[dropcap]M[/dropcap]y type of “spring cleaning” is a mess of sheepshead on the fish-cleaning table. The water is warming quickly and the wind is calming, so more anglers and spearfisherman are starting to venture into the gulf.
Getting the boat out and scrubbing the winter coat of mildew is made easier by the anticipation of the coming season. The talk of the shortest snapper season and stricter limits on other species doesn’t dampen the excitement of the first trip. Some of us have been spearing fish all winter, when the seas would let us escape the dock. For many, their first excursion in 2013 is this month. Besides staring at a wall of red snapper and remaining alert for early cobia, we pass the time underwater stacking up sheepshead.
This is a great fish to target this time of year because their numbers are plentiful. They aren’t a spooky fish that will disappear after shooting 1 or 2, and usually allow for a close shot. They are plentiful for only a few more weeks. I’m not sure if it is because they disburse after mating, or the spring break charter trips wipe the inshore sites clean. Whatever the case, we see them all year but not in large numbers like we do now. Many fishermen believe they are too hard to clean because of their large rib cage. But your friend that is always volunteering to take all your sheepshead is very familiar with the mild flavor and white, flaky meat.
Many underwater hunters think of early spring as the tune-up season. Venturing to the inshore rigs and brushing up on their diving skills and getting their aim back. Just as bow hunters start practicing with backyard targets months before bow season, spearfisherman need to inspect their rigging and practice loading and shooting their spearguns. The difference is, spearguns cannot be shot out of the water at land targets. The only way to practice is to get out and dive…thus the big attraction of sheepshead in March. April usually hosts the first wave of migrating cobia. As soon as the gulf waters reach the magic 68F, we start seeing cobia on the inshore sites. Early spring divers are always scanning into the distance, hoping to see a curious cobia head your way.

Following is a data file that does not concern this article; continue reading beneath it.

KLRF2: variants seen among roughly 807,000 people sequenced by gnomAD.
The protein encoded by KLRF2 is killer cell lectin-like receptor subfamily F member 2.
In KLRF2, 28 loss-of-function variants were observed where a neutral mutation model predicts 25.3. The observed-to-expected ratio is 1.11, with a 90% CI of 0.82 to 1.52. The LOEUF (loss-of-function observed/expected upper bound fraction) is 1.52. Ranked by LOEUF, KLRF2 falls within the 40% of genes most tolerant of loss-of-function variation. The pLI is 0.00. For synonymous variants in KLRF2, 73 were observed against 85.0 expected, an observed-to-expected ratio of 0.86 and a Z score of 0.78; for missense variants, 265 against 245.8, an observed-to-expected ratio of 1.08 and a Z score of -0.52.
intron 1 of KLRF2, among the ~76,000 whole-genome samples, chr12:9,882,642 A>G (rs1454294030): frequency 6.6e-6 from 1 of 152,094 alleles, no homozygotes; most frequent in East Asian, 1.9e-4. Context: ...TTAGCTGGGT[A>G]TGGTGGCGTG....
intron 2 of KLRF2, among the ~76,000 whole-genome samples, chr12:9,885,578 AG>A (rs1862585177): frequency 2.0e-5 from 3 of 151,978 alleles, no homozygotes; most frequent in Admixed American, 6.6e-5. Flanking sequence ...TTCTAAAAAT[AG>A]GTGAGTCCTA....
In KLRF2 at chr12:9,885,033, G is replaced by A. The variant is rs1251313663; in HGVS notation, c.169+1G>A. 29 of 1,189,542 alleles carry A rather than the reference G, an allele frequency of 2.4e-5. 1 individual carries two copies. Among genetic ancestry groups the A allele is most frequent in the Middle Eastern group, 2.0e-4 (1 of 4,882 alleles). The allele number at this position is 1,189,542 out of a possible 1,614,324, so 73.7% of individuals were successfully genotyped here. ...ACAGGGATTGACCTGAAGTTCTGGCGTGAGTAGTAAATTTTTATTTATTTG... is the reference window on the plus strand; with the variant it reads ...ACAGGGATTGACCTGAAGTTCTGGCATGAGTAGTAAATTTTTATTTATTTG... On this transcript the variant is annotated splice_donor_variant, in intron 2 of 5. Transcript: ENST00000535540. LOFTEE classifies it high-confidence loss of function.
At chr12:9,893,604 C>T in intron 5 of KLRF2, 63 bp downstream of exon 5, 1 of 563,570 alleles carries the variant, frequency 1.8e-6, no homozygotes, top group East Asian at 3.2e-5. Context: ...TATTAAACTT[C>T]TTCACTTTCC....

The smaller size and liberal creel limits on sheepshead make them a great fish for new spearos to develop their hunting skills. Once a diver has honed his diving skills, many look to add a camera or speargun to their dive plan. Since spearing fish can be challenging and even dangerous in extreme cases, we encourage new hunters to begin with small species and work their way up to the big boys like amberjack and cobia. The challenge of wrestling the large fish isn’t an issue with the smaller fish. I have never heard of a diver being towed around by a 6lb. sheepshead!
Call Gulf Coast Divers at (251) 342- 2970 and ask about dive training and spearfishing. Training can be completed in a couple weeks and you can be geared up and ready for this season. A good scuba system costs about the same as a set of golf clubs or tennis lessons. But if you are like me, then you understand the real fun happens in salt water! So don’t keep saying, “One day I’m gonna’ see what’s down there.” Make that “One day” happen this year.
For a list and directions to all the local dive sites and freshwater springs, call Gulf Coast Divers at (251) 342-2970. Don’t let your dive skills get rusty this winter. Sheepshead season is right around the corner and it will be spring before you know it.